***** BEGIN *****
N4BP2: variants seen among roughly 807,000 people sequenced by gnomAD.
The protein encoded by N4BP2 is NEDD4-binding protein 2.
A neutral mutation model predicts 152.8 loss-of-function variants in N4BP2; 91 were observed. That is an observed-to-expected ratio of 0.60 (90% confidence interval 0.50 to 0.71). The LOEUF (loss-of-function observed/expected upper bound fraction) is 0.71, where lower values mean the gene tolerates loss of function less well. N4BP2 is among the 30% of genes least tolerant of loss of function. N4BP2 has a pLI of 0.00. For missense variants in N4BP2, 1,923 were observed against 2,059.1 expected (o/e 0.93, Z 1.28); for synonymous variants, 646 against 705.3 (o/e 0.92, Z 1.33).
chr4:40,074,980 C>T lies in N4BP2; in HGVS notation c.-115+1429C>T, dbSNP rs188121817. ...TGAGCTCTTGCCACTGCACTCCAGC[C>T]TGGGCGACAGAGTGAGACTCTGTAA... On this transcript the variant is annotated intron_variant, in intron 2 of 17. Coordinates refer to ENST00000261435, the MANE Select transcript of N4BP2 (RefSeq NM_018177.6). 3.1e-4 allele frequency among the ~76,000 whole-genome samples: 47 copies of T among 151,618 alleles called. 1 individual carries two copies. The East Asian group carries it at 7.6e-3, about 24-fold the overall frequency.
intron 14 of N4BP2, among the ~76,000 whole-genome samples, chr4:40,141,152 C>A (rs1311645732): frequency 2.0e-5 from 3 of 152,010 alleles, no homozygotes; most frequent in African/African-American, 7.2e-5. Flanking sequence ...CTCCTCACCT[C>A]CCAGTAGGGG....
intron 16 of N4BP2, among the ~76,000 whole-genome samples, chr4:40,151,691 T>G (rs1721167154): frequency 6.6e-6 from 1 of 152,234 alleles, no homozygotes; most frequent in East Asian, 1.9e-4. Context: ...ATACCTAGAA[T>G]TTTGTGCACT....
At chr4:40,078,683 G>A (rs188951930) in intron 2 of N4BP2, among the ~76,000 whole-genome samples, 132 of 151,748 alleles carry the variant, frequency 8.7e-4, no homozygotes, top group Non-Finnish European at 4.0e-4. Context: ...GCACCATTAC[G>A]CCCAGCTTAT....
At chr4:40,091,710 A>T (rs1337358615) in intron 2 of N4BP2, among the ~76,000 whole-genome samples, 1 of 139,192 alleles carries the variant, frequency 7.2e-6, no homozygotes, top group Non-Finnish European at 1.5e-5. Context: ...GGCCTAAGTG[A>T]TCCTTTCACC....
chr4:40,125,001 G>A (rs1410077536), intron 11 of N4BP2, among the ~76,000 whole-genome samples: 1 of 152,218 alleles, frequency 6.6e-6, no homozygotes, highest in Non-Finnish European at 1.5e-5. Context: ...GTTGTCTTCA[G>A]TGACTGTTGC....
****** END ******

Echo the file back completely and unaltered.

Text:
N4BP2: variants seen among roughly 807,000 people sequenced by gnomAD.
The protein encoded by N4BP2 is NEDD4-binding protein 2.
A neutral mutation model predicts 152.8 loss-of-function variants in N4BP2; 91 were observed. That is an observed-to-expected ratio of 0.60 (90% confidence interval 0.50 to 0.71). The LOEUF (loss-of-function observed/expected upper bound fraction) is 0.71, where lower values mean the gene tolerates loss of function less well. N4BP2 is among the 30% of genes least tolerant of loss of function. N4BP2 has a pLI of 0.00. For missense variants in N4BP2, 1,923 were observed against 2,059.1 expected (o/e 0.93, Z 1.28); for synonymous variants, 646 against 705.3 (o/e 0.92, Z 1.33).
chr4:40,074,980 C>T lies in N4BP2; in HGVS notation c.-115+1429C>T, dbSNP rs188121817. ...TGAGCTCTTGCCACTGCACTCCAGC[C>T]TGGGCGACAGAGTGAGACTCTGTAA... On this transcript the variant is annotated intron_variant, in intron 2 of 17. Coordinates refer to ENST00000261435, the MANE Select transcript of N4BP2 (RefSeq NM_018177.6). 3.1e-4 allele frequency among the ~76,000 whole-genome samples: 47 copies of T among 151,618 alleles called. 1 individual carries two copies. The East Asian group carries it at 7.6e-3, about 24-fold the overall frequency.
intron 14 of N4BP2, among the ~76,000 whole-genome samples, chr4:40,141,152 C>A (rs1311645732): frequency 2.0e-5 from 3 of 152,010 alleles, no homozygotes; most frequent in African/African-American, 7.2e-5. Flanking sequence ...CTCCTCACCT[C>A]CCAGTAGGGG....
intron 16 of N4BP2, among the ~76,000 whole-genome samples, chr4:40,151,691 T>G (rs1721167154): frequency 6.6e-6 from 1 of 152,234 alleles, no homozygotes; most frequent in East Asian, 1.9e-4. Context: ...ATACCTAGAA[T>G]TTTGTGCACT....
At chr4:40,078,683 G>A (rs188951930) in intron 2 of N4BP2, among the ~76,000 whole-genome samples, 132 of 151,748 alleles carry the variant, frequency 8.7e-4, no homozygotes, top group Non-Finnish European at 4.0e-4. Context: ...GCACCATTAC[G>A]CCCAGCTTAT....
At chr4:40,091,710 A>T (rs1337358615) in intron 2 of N4BP2, among the ~76,000 whole-genome samples, 1 of 139,192 alleles carries the variant, frequency 7.2e-6, no homozygotes, top group Non-Finnish European at 1.5e-5. Context: ...GGCCTAAGTG[A>T]TCCTTTCACC....
chr4:40,125,001 G>A (rs1410077536), intron 11 of N4BP2, among the ~76,000 whole-genome samples: 1 of 152,218 alleles, frequency 6.6e-6, no homozygotes, highest in Non-Finnish European at 1.5e-5. Context: ...GTTGTCTTCA[G>A]TGACTGTTGC....